Regrettably his arguments against the ‘Judaizers’ of the time have been used to justify christian anti-semitism. From Orthodox Wiki; “Many researchers believe that the purpose of these attacks was to prevent Christians from joining with Jewish customs, and thus prevent the erosion of Chrysostom's flock. Others characterize Chrysostom and other Church fathers as anti-Semitic.” It is hard to believe he intended his words against the Jewish people to be used in the way they were. On the other hand if you google his quotes you find the actual words he used and the sentiments expressed very forceful, very shocking. Similarly he had a lot to say about women and their role in the church and their spirituality which I could never agree with. They seem to convey a deeply misogynistic attitude quite at odds with some of his writings on marriage. He had firm views on the high calling of the priestly vocation which may have contributed to the problems of clericalism and abuse of power within the Churches. So I feel unexpectedly ambivalent. Even the printed words retain enormous power, and one can only begin to imagine the force of his oratory. Much of it is still challenging and relevant today. On the other hand they have been used for what I consider to be terrible destructive purposes. A mixed legacy. There has always been a strand of hatred and violent intolerance in Christianity. We see it emerging today in the proposal to burn copies of the Koran in the US. I wonder if this is part of John's legacy. I wonder how he would feel about it. It is a legacy I do not want to inherit. I have been thinking about his lengthy diatribes and the letter of James, 1:26 & 3:3-7 . Maybe words are another example of things that are indifferent in themselves, but become good or bad according the use that is made of them. Maybe Peter Chrysologous had the more excellent way.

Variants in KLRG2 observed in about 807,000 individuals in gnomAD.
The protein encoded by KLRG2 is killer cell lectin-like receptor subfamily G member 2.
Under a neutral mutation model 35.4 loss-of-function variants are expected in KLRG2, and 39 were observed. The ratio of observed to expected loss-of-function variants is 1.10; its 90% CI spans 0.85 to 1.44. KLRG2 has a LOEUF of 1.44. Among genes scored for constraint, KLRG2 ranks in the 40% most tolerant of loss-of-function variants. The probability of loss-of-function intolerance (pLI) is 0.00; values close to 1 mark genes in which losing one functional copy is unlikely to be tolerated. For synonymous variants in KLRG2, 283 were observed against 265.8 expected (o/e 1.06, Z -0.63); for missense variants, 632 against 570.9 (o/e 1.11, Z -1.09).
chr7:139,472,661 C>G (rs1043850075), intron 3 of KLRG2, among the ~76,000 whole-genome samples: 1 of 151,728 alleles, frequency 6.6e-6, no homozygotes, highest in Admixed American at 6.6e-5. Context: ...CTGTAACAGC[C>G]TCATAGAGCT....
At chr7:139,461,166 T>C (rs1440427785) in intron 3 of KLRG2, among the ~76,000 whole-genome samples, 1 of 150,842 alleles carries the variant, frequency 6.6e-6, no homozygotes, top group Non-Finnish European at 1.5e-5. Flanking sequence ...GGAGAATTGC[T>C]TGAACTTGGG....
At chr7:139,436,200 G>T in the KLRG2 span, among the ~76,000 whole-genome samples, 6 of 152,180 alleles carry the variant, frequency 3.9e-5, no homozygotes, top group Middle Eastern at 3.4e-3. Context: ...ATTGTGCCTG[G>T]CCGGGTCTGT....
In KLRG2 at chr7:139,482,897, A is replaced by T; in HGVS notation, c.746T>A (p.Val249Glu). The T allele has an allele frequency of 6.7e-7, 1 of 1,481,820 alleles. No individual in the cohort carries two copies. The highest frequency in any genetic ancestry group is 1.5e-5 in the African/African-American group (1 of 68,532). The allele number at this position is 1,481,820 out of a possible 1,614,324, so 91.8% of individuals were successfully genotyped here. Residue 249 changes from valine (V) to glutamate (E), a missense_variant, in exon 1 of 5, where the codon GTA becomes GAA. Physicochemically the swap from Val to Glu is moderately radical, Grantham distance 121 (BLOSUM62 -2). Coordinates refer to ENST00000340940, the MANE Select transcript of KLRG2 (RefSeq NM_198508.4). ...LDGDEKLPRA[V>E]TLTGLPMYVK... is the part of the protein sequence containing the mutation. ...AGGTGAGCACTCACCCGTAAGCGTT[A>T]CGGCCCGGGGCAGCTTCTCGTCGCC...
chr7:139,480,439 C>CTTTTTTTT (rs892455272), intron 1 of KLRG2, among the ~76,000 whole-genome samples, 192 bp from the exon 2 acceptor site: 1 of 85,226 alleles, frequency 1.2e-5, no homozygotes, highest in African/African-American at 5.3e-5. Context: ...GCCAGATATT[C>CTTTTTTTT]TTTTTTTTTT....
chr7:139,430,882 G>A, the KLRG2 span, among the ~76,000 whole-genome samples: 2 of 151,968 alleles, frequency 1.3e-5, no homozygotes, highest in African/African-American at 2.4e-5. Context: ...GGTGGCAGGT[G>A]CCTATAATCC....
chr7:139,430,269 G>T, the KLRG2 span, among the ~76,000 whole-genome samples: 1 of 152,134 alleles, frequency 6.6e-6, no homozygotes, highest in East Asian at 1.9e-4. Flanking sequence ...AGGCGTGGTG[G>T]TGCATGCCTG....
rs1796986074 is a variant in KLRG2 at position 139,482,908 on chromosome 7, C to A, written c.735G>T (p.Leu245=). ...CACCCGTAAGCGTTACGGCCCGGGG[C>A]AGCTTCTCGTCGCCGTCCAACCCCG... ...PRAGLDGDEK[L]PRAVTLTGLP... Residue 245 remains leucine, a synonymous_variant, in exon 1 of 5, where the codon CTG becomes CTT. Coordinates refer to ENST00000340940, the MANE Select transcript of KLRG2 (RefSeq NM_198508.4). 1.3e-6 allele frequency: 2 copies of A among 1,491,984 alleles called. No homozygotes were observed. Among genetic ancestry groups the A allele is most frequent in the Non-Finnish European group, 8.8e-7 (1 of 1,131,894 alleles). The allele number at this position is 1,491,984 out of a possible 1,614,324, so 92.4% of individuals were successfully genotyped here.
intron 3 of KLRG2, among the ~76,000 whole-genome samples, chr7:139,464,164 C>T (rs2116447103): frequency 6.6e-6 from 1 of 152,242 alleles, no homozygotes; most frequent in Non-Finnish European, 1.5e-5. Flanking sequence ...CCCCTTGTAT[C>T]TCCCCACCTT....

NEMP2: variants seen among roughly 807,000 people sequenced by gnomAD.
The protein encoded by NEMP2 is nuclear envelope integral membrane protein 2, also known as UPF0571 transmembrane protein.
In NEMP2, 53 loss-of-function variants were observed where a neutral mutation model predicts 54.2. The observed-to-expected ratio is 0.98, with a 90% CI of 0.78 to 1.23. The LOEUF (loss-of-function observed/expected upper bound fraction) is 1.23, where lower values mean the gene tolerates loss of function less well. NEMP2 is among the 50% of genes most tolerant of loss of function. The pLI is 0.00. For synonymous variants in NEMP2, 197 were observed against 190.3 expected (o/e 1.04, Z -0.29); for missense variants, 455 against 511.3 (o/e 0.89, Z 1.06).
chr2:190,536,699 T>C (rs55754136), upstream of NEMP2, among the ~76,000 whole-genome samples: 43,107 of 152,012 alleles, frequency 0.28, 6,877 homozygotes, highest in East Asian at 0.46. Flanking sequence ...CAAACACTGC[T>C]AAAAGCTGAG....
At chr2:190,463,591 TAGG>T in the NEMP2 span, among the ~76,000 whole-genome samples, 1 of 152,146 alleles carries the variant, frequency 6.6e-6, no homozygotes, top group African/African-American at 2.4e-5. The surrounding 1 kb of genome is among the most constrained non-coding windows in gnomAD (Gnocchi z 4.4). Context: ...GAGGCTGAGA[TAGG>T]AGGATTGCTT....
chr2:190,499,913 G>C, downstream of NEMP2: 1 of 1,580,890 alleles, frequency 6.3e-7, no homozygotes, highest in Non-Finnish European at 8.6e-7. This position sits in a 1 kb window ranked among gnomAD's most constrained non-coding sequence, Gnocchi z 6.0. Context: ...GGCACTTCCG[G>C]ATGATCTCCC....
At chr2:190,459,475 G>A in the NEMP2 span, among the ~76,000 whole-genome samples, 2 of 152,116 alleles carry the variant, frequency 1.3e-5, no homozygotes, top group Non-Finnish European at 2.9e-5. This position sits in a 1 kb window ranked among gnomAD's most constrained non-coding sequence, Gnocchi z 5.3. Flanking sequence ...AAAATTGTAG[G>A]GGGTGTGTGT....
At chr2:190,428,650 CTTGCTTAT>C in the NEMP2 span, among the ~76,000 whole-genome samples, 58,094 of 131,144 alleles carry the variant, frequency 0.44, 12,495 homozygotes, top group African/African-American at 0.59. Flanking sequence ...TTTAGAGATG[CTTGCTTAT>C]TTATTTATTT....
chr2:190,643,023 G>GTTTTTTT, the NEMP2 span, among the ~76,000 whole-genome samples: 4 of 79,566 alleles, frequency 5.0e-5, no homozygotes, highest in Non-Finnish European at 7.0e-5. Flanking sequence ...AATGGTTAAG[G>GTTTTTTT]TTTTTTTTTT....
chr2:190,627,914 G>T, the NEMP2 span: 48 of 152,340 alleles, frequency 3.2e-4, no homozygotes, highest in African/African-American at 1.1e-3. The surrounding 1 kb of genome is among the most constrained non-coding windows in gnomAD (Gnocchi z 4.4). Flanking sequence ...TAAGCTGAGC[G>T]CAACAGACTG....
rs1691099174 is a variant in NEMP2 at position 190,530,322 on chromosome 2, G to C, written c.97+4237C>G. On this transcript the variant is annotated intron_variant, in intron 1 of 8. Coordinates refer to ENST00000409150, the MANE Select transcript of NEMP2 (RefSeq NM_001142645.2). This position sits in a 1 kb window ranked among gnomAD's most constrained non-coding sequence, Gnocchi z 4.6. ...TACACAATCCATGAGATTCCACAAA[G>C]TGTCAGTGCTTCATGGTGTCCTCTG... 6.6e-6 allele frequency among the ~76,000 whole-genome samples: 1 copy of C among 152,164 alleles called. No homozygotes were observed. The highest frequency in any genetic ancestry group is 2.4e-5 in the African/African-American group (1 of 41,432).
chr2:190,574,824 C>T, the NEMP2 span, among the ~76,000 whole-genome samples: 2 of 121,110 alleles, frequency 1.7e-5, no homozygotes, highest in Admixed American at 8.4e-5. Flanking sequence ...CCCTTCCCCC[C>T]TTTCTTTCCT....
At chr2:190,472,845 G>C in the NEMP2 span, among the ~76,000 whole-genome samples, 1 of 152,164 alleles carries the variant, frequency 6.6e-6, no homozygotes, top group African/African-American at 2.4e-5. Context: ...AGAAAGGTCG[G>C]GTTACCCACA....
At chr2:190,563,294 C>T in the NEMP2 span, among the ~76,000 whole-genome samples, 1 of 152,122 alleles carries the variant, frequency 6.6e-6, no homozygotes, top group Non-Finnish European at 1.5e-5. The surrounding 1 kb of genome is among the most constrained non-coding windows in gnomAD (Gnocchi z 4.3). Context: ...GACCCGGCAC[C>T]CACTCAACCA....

I have found it incredibly difficult to keep this to any sort of reasonable length. You may think I have failed. It is hard to give a proper flavour of his writing without quoting at some length. He does not lend himself to pithy soundbites. A prayer of John Chrysostom which was used at the conclusion of Evening Prayer in the Book of Common Prayer, and so was part of the regular worship of the Anglican Church for many centuries:
“Almighty God, you have given us grace at this time with one accord to make our common supplication to you; and have promised that when two or three are gathered together in your name you will grant their requests. Fulfil now, O Lord, the desires and petitions of your servants, as may be most expedient for them, granting us in this world knowledge of your truth, and in the world to come, life everlasting. Amen”
One of the four liturgies of the Greek Orthodox Church is named after him It dates from the 5th century. It is the normal or day to day liturgy and is celebrated every Sunday and every holiday, (except when one of the other liturgies is celebrated!) I think one of John Chrysostom's sermons, or part of one is also read every year, possibly at Easter. All about him, a good read, and about 5th century monastic life.